The FBI wants you to report even small but successful phishing attempts that result in wire fraud. During the recent Combating Cybersecurity Threats 2019 conference, the FBI distributed a pamphlet that outlines the steps they'd like everyone who falls victim to phishing to take:
Reporting the Incident
- Contact your bank:
- Determine the appropriate contact at your bank, who has the authority to recall a wire transfer, for example.
- Notify your bank that you've been the victim of a Business Email Compromise AND
- Request a wire recall or SWIFT recall message AND
- Request that they fully cooperate with law enforcement
- Report the incident to the FBI via https://ic3.gov
- Provide all details for the beneficiary, including names, account numbers, and contact information
- Contact your local FBI field office. If you're in Chicago, here's the details: 2111 W. Roosevelt Road Chicago, IL 60608 (312) 421-6700
- Review all IP logs accessing the relevant infrastructure (internal mail servers or other publicly accessible infrastructure) looking for unusual activity
- Scan for login locational data. Was there a login from an unknown country or location, specific to the compromised email account?
- Review the relevant email account(s) which may have been spoofed or otherwise compromised for any rules, such as "auto-forward" or "auto-delete"
- Inform employees and others about the situation and require that they contact clients/customers who are near the wire transfer stage/process
- Review all requests that asked for a change in payment type or location
***Remain especially vigilant on transactions expected to occur immediately prior to holidays and/or weekends***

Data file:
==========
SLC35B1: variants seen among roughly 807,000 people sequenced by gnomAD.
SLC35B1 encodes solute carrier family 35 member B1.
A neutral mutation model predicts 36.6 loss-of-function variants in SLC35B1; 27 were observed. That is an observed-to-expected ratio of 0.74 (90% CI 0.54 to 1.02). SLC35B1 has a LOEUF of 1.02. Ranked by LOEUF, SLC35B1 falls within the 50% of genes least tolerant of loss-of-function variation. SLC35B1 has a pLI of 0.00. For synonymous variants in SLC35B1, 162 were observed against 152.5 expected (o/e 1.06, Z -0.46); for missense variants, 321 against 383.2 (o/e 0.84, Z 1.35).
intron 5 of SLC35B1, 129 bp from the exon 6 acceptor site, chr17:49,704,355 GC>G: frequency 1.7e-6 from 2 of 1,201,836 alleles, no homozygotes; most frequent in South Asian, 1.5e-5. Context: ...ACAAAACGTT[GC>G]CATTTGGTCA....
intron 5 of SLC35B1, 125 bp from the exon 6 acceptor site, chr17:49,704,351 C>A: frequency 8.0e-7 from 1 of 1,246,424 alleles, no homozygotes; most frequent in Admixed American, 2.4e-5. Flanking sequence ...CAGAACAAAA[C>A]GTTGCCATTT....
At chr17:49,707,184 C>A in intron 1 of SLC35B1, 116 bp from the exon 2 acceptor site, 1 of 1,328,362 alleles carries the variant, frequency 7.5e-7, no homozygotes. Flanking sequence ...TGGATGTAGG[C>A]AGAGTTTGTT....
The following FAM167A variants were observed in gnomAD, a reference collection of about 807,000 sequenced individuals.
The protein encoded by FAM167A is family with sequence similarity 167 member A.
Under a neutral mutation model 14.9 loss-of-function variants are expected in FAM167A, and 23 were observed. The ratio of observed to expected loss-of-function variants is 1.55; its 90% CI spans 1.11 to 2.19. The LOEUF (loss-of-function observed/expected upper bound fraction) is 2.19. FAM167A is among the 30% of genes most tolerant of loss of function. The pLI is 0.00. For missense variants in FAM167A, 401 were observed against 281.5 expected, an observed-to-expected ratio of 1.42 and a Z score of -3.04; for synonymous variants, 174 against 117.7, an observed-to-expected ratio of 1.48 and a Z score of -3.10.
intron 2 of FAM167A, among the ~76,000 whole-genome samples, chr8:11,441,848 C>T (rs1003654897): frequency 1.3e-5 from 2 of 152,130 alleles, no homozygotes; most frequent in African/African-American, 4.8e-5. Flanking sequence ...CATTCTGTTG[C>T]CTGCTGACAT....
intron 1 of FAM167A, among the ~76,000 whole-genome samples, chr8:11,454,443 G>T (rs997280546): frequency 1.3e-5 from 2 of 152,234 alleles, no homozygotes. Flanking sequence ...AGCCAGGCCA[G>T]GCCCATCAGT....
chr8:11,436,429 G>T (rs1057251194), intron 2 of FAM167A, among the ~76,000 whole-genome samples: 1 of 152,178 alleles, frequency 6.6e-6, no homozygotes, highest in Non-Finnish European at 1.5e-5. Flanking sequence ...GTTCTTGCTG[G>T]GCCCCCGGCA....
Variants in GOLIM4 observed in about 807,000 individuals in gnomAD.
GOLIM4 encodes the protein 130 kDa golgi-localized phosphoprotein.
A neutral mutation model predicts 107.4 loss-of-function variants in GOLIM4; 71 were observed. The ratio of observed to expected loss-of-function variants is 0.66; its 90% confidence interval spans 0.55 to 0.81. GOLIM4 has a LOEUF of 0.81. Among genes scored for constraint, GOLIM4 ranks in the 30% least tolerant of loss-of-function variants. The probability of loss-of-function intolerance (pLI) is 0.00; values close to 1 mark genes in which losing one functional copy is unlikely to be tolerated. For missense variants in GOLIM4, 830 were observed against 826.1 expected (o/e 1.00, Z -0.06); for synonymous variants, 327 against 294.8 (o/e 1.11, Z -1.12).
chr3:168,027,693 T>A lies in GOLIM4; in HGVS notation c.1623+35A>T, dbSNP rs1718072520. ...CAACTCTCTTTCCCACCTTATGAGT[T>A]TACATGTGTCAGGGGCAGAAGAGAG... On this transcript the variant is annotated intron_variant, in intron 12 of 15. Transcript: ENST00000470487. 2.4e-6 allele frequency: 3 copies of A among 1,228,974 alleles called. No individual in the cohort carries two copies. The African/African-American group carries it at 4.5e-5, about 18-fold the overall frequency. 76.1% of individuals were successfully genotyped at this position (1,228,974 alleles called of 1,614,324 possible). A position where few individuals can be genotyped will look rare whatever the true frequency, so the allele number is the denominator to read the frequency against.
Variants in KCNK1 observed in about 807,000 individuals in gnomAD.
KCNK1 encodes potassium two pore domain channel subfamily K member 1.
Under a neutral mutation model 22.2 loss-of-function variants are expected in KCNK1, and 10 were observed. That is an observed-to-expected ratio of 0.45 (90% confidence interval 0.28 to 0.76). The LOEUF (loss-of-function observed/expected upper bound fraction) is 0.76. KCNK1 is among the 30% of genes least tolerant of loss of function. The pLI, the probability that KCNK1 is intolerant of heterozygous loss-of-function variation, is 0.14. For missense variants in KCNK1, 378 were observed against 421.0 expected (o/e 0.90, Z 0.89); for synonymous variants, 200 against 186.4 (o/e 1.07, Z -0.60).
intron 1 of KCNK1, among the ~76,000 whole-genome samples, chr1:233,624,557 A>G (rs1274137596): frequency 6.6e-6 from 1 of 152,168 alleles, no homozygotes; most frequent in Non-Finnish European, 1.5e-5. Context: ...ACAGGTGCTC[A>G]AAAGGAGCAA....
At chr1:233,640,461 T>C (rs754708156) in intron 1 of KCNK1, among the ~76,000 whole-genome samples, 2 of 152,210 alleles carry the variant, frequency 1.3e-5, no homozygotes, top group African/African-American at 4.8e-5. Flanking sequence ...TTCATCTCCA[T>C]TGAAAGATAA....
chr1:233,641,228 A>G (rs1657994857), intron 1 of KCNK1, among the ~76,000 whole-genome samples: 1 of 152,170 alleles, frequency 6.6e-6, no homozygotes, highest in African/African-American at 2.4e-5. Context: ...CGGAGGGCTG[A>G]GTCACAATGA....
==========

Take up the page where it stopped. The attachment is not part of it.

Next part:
PREVENTION AND RECOGNITION
- Hover your cursor over or expand details on suspicious email addresses to check for indications of display name deception or spoofing
- DO NOT hover over LINKS in emails as simply hovering MAY execute commands
- Call a known and trusted phone number or meet in person to confirm that the wire transfer information provided to you matches the other party's information
- Does the routing number or SWIFT number provided to you resolve to the expected bank used by the other party? (Example: you received wire information for an account at a bank in Hong Kong but you know your other party only banks in the U.S.)
- Regularly check your email account login activity for possible signs of compromise
- Develop an intrusion detection system to identify emails from extensions that are similar to your company email
- Regularly check your email account for new "rules", such as email forwarding or auto-delete
- Be cautious of new customers, suppliers, clients, and/or others you don't know who ask you to:
- Open or download any documents they send OR
- Sign into a separate window or click on a link to view an invoice or a document OR
- Provide sensitive personal or corporate information
- Verify the wire instructions you provide to your customers/clients are accurate for both the pertinent bank and pertinent account:
- Where did you get the account data?
- Is this the correct account number?